$ chmod g+s teamfolder
$ ls -l
drwxrwsr-x 2 teamuser teamgroup 4096 2010-03-03 14:32 folder

Note the s in the group permissions instead of the x that was there previously. So now let's try to create another test file.

$ touch teamfolder/test2
$ ls -l teamfolder
-rw-r--r--  1 teamuser teamuser  5129 2010-03-03 14:34 test1
-rw-r--r--  1 teamuser teamgroup 5129 2010-03-03 14:35 test2

So now whenever a file is created in the team directory, it inherits the team's group.

Set Default ACL

The second issue is related to umask, the default mask applied when creating files and directories. By default umask is set to the octal value 0022, as demonstrated if you run the following:

$ umask

This is a negative mask that is applied to the octal permission value of every file or directory created by the user. By default, a file is created with permissions rw-rw-rw-, equivalent to 0666 in octal and a directory is created with permissions rwxrwxrwx, equivalent to 0777 in octal. umask is then subtracted from that default to give the effective permission with which files and directories are created. So for a file, 0666-0022 gives 0644, equivalent to rw-r--r-- and for a directory 0777-0022 gives 0755, equivalent to rwxr-xr-x. This default is sensible for most situations but needs to be overriden for a team directory. The way to do this is to assign specific ACL entries to the team directory. The first thing to do is to install the acl package to obtain the necessary command line tools. Well, in fact, the first thing to do would be to enable acl on the relevant partition but we already did that at the very beginning.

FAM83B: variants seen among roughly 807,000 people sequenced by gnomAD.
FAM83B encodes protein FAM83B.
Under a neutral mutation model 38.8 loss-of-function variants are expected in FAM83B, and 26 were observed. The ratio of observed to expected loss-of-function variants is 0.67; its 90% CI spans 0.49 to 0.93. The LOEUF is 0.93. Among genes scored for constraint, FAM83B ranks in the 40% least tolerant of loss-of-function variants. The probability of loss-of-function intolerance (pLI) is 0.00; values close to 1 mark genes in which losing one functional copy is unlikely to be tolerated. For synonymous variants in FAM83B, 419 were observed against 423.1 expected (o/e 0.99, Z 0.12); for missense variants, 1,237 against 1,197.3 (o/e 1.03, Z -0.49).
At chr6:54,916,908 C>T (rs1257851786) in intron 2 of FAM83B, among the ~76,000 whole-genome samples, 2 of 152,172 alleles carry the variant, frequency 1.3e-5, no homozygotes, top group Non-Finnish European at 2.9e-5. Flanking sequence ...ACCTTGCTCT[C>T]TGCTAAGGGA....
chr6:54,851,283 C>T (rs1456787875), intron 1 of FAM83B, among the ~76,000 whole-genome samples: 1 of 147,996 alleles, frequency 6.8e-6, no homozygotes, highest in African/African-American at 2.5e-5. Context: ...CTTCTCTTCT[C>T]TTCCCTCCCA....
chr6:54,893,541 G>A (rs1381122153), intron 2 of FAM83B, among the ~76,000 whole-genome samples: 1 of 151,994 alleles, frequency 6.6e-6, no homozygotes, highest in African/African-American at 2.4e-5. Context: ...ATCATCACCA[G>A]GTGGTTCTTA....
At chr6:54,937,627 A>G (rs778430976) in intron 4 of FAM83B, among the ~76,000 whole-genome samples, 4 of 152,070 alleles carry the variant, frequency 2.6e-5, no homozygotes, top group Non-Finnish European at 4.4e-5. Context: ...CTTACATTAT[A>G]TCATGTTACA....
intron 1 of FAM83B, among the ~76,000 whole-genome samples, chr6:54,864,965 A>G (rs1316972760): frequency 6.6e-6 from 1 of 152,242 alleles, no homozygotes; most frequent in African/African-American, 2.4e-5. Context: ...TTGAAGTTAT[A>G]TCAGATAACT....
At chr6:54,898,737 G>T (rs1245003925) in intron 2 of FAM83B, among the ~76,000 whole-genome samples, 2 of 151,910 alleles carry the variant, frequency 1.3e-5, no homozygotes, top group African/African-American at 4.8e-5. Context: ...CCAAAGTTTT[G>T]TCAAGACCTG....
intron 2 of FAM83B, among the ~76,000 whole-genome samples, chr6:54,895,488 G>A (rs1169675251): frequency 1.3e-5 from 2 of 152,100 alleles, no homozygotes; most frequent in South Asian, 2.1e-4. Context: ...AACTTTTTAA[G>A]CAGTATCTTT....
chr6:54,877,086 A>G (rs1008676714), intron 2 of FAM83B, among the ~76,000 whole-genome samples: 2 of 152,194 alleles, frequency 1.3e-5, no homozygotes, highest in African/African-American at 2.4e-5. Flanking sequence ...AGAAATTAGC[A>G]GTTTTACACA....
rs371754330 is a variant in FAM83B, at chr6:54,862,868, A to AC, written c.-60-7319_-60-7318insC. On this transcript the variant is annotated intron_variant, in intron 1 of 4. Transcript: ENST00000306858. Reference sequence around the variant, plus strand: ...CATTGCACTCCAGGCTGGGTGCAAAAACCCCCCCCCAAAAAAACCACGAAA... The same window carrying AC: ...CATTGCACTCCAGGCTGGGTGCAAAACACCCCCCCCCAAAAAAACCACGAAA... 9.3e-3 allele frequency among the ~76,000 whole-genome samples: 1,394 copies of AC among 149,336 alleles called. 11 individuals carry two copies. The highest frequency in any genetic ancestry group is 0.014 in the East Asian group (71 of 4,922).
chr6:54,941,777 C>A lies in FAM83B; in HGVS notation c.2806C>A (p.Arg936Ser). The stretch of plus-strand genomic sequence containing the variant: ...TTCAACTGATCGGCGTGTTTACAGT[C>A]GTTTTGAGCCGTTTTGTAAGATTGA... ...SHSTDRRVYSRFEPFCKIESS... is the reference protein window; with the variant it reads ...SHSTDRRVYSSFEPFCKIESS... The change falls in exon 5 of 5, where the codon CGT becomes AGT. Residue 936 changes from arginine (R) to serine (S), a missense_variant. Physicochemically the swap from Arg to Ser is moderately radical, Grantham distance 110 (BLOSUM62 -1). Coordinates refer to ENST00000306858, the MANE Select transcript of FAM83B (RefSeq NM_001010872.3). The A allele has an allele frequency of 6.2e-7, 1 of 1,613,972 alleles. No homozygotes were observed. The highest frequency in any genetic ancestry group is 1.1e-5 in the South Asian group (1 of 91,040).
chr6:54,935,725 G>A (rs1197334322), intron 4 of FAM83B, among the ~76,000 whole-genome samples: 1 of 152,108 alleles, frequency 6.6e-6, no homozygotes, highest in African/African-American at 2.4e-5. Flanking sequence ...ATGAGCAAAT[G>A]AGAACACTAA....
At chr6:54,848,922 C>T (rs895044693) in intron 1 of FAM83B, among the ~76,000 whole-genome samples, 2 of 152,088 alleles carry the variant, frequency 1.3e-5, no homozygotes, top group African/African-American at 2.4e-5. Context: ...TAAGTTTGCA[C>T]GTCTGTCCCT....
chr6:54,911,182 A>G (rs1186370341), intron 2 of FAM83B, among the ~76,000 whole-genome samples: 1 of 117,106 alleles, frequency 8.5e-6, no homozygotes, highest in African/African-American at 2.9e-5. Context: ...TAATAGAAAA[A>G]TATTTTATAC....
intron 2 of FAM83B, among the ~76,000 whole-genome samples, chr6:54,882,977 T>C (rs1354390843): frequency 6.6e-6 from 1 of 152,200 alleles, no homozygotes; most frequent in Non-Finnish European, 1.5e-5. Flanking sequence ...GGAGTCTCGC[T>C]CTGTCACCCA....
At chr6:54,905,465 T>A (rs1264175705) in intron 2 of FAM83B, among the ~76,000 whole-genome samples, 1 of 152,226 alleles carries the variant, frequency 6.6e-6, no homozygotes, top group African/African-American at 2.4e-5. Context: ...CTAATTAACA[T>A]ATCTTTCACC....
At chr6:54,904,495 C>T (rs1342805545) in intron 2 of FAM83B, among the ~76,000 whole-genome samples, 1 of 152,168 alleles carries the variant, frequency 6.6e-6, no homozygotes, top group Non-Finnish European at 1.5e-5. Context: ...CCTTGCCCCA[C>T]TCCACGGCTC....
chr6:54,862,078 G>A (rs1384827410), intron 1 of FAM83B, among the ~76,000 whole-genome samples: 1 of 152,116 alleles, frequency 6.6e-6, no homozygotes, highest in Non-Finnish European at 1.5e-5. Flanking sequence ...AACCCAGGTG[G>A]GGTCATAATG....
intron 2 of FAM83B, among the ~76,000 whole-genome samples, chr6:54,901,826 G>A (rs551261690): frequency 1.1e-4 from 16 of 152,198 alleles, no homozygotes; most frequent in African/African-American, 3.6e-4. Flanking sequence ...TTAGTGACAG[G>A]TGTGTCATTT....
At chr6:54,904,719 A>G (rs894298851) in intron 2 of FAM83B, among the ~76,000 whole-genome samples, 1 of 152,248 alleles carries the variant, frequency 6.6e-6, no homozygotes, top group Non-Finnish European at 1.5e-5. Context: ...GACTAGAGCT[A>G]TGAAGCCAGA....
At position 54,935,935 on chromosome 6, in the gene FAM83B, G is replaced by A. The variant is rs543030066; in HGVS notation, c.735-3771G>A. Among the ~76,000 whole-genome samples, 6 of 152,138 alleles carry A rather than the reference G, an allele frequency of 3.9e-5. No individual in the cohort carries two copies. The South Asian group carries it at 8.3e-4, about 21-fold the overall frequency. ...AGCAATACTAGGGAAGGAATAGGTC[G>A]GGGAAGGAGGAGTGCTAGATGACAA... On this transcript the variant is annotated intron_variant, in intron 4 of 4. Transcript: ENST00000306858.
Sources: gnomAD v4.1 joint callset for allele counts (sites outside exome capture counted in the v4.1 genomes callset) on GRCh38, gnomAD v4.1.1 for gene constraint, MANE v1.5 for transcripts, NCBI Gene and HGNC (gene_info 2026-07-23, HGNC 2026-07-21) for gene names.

$ sudo apt-get install acl

Now that the package is installed, we have access to the setfacl and getfacl commands. The first one sets ACLs, the second one reads them. In this particular case, we need to set default ACLs on the team folder so that those ACLs are applied to files created inside the directory rather than the directory itself. The syntax is a bit complicated: the -d option specifies that we want to impact the default ACLs, while the -m option specifies that we want to modify the ACLs and expects an ACL specification to follow.

$ setfacl -d -m u::rwx,g::rwx,o::r-x teamfolder
$ touch teamfolder/test3
-rw-r--r--  1 teamuser teamuser  5129 2010-03-03 14:34 test1
-rw-r--r--  1 teamuser teamgroup 5129 2010-03-03 14:35 test2
-rw-rw-r--  1 teamuser teamgroup 5129 2010-03-03 14:36 test3

There we go, it all works as expected: new files created in the team folder are created with the team's group and are group writeable. To finish off, let's have a look at how the folder's ACLs are stored:

$ getfacl teamfolder
# file: teamfolder
# owner: teamuser
# group: teamgroup
Granting and Revoking Access

Granting a user write access to the team folder is now extremely easy: you can just add that user from the team's group when he joins the team:

$ sudo usermod -a -G teamgroup joiner